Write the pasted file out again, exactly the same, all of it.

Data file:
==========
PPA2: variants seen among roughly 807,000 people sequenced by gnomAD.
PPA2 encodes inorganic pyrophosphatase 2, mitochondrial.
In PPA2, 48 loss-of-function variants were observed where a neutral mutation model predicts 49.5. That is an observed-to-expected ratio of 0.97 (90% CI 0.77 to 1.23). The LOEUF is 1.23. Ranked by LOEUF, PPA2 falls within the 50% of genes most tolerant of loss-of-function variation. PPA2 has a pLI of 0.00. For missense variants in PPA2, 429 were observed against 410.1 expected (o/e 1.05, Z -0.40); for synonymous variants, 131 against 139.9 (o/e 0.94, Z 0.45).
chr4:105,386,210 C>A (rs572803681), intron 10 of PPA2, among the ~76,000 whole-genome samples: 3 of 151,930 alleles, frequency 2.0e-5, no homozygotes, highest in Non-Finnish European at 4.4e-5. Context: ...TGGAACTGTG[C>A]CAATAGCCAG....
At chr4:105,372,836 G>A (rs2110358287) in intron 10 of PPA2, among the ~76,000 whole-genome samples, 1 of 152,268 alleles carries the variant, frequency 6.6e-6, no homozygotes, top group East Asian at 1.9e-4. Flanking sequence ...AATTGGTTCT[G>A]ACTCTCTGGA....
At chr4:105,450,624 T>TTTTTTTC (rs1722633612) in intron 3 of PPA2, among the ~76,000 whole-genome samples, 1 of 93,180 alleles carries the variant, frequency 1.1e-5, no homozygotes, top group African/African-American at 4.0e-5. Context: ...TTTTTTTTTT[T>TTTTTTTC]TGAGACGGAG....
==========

PPA2: variants seen among roughly 807,000 people sequenced by gnomAD.
PPA2 encodes inorganic pyrophosphatase 2, mitochondrial.
In PPA2, 48 loss-of-function variants were observed where a neutral mutation model predicts 49.5. That is an observed-to-expected ratio of 0.97 (90% CI 0.77 to 1.23). The LOEUF is 1.23. Ranked by LOEUF, PPA2 falls within the 50% of genes most tolerant of loss-of-function variation. PPA2 has a pLI of 0.00. For missense variants in PPA2, 429 were observed against 410.1 expected (o/e 1.05, Z -0.40); for synonymous variants, 131 against 139.9 (o/e 0.94, Z 0.45).
chr4:105,386,210 C>A (rs572803681), intron 10 of PPA2, among the ~76,000 whole-genome samples: 3 of 151,930 alleles, frequency 2.0e-5, no homozygotes, highest in Non-Finnish European at 4.4e-5. Context: ...TGGAACTGTG[C>A]CAATAGCCAG....
At chr4:105,372,836 G>A (rs2110358287) in intron 10 of PPA2, among the ~76,000 whole-genome samples, 1 of 152,268 alleles carries the variant, frequency 6.6e-6, no homozygotes, top group East Asian at 1.9e-4. Flanking sequence ...AATTGGTTCT[G>A]ACTCTCTGGA....
At chr4:105,450,624 T>TTTTTTTC (rs1722633612) in intron 3 of PPA2, among the ~76,000 whole-genome samples, 1 of 93,180 alleles carries the variant, frequency 1.1e-5, no homozygotes, top group African/African-American at 4.0e-5. Context: ...TTTTTTTTTT[T>TTTTTTTC]TGAGACGGAG....